government's help. When the British Government was unable to
satisfy the investors, they wrote to the King, she told us.
To date, none has received a refund.

Incomplete Marina

8. (SBU) The marina has been criticized for the lack of a
fuel and service station for boats. According to news
reports, fuel for yachts is smuggled from Algeria in
five-liter jugs. Ziyat disputed these claims, saying that a
petroleum company is supplying fuel on-site to large boats
pending construction of a fuel station (slated to open in
early 2010), while smaller boats use fuel jugs which enter
the port after having passed through customs.

Job Creation Overrides Environmental Concerns

9. (SBU) Environmental activists have sharply criticized the
resort's impact on Saidia beach and the broader ecosystem
around the estuary of the river Moulouya, which the MOT has
classified as particularly biodiverse. Moroccan NGOs such as
"Ecoplateforme du Nord" and "Espace de Solidarite de
Cooperation de l'Oriental (the Movement or Space for
Solidarity and Cooperation in the Oriental -- SSCO), have
posted videos on YouTube denouncing the Saidia project from
its inception. The resort significantly contributes to the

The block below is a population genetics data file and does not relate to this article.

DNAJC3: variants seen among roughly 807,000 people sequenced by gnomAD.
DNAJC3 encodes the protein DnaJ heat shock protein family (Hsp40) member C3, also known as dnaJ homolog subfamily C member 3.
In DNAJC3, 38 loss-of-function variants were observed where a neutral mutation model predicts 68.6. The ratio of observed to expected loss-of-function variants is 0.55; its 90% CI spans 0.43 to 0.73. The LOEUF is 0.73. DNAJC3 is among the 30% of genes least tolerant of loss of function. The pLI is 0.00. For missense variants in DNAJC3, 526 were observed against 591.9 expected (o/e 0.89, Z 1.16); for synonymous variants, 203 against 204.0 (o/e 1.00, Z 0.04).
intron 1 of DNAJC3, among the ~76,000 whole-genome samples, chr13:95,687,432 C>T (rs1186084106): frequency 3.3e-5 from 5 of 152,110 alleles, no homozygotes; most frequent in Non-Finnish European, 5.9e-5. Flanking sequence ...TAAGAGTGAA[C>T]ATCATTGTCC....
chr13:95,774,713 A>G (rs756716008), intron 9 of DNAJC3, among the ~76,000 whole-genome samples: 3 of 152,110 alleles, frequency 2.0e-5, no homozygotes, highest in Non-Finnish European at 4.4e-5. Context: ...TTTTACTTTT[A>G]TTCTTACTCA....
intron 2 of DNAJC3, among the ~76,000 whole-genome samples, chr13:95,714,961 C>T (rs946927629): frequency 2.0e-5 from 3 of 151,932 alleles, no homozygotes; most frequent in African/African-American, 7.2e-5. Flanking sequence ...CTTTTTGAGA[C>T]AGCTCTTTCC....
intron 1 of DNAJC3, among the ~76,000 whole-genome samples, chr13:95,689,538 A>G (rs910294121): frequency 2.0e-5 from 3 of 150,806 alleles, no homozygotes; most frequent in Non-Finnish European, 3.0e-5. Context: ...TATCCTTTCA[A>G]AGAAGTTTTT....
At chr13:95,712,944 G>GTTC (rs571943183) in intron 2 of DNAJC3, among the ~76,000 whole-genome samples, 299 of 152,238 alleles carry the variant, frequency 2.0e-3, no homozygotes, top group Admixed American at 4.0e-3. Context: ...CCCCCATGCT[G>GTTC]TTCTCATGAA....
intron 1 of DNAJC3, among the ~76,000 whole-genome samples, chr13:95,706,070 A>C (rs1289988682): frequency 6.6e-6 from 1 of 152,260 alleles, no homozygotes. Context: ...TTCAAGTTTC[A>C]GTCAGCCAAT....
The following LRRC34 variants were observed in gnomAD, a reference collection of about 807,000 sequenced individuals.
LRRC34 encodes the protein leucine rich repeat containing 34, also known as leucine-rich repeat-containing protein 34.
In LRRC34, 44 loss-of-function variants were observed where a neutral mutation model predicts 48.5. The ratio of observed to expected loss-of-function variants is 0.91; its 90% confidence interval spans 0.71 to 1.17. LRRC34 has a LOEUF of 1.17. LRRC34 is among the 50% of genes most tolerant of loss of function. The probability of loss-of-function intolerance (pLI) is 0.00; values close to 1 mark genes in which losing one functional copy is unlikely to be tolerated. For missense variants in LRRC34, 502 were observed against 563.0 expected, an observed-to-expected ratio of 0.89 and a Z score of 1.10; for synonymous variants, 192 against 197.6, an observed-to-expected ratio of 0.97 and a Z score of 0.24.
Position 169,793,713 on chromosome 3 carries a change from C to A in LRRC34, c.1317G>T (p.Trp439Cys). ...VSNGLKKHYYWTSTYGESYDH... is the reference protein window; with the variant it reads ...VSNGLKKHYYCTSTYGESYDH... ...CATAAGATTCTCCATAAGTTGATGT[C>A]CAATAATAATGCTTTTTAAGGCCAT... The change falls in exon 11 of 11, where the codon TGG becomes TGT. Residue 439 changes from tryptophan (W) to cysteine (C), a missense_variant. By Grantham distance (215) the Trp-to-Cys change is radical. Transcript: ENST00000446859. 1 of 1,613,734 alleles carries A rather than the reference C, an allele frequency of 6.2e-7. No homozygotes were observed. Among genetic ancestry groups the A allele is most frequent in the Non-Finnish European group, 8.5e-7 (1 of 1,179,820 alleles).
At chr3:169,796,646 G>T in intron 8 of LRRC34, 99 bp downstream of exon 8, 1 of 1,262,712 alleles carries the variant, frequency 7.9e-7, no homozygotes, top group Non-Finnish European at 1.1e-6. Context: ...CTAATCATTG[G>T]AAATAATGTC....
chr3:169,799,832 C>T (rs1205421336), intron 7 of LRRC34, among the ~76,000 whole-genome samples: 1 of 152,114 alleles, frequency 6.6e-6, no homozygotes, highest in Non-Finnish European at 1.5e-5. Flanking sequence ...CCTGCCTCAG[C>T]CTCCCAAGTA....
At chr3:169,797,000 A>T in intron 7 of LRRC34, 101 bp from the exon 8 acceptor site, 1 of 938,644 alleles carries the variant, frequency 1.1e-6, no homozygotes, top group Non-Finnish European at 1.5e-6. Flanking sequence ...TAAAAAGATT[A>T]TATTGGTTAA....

erosion of Saidia beach, deforestation of the area and water
pollution, stressed ecologist and SSCO President Mohammed
Benanate. "Ecoplateforme du Nord" also denounced the
"irreversible ecological damage" that the resort has wrought
on Saidia's ecosystem.

10. (SBU) When asked about the project's impact on the
environment, local authorities in the Oujda region (of which
Saidia is a part) acknowledged that the benefits of
development outweighed the possibility of environmental
degradation in making the decision to proceed with the
project. "One has to choose," said Oujda Region Governor
Mohamed Brahimi in a press interview, "between the
preservation of a turtle and the creation of economic

dynamism in the region, with at least 50,000 new jobs and
income of 5 million dirhams (approximately USD 700,000)."
The choice was easy, he concluded, as "this used to be a
marshland which brought zero dirhams to the state." (Note: